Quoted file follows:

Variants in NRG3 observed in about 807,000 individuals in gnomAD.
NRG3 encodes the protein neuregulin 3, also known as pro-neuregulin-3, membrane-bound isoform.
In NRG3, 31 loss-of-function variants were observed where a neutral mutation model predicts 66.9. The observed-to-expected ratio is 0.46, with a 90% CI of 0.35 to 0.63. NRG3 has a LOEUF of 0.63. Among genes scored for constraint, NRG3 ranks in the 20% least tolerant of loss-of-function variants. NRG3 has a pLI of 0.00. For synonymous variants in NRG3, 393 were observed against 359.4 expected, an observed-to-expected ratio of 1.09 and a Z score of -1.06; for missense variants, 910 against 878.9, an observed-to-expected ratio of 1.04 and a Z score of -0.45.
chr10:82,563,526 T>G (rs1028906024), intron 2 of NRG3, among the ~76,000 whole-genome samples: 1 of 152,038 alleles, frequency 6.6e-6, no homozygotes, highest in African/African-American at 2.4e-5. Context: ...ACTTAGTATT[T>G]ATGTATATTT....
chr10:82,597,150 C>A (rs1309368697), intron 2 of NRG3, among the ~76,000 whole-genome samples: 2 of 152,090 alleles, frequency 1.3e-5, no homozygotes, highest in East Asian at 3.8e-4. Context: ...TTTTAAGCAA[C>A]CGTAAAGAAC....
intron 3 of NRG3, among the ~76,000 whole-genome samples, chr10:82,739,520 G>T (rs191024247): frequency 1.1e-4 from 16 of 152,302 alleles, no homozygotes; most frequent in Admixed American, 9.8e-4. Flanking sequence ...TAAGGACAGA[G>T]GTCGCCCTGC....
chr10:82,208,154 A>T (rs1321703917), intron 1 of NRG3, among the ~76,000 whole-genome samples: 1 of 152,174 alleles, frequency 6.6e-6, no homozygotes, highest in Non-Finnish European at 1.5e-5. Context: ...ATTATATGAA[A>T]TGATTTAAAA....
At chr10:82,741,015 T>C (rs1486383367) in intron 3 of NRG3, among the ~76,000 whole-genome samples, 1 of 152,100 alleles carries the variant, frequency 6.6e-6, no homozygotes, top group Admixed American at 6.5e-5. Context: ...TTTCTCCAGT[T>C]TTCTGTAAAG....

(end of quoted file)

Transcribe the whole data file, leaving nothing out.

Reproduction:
Variants in NRG3 observed in about 807,000 individuals in gnomAD.
NRG3 encodes the protein neuregulin 3, also known as pro-neuregulin-3, membrane-bound isoform.
In NRG3, 31 loss-of-function variants were observed where a neutral mutation model predicts 66.9. The observed-to-expected ratio is 0.46, with a 90% CI of 0.35 to 0.63. NRG3 has a LOEUF of 0.63. Among genes scored for constraint, NRG3 ranks in the 20% least tolerant of loss-of-function variants. NRG3 has a pLI of 0.00. For synonymous variants in NRG3, 393 were observed against 359.4 expected, an observed-to-expected ratio of 1.09 and a Z score of -1.06; for missense variants, 910 against 878.9, an observed-to-expected ratio of 1.04 and a Z score of -0.45.
chr10:82,563,526 T>G (rs1028906024), intron 2 of NRG3, among the ~76,000 whole-genome samples: 1 of 152,038 alleles, frequency 6.6e-6, no homozygotes, highest in African/African-American at 2.4e-5. Context: ...ACTTAGTATT[T>G]ATGTATATTT....
chr10:82,597,150 C>A (rs1309368697), intron 2 of NRG3, among the ~76,000 whole-genome samples: 2 of 152,090 alleles, frequency 1.3e-5, no homozygotes, highest in East Asian at 3.8e-4. Context: ...TTTTAAGCAA[C>A]CGTAAAGAAC....
intron 3 of NRG3, among the ~76,000 whole-genome samples, chr10:82,739,520 G>T (rs191024247): frequency 1.1e-4 from 16 of 152,302 alleles, no homozygotes; most frequent in Admixed American, 9.8e-4. Flanking sequence ...TAAGGACAGA[G>T]GTCGCCCTGC....
chr10:82,208,154 A>T (rs1321703917), intron 1 of NRG3, among the ~76,000 whole-genome samples: 1 of 152,174 alleles, frequency 6.6e-6, no homozygotes, highest in Non-Finnish European at 1.5e-5. Context: ...ATTATATGAA[A>T]TGATTTAAAA....
At chr10:82,741,015 T>C (rs1486383367) in intron 3 of NRG3, among the ~76,000 whole-genome samples, 1 of 152,100 alleles carries the variant, frequency 6.6e-6, no homozygotes, top group Admixed American at 6.5e-5. Context: ...TTTCTCCAGT[T>C]TTCTGTAAAG....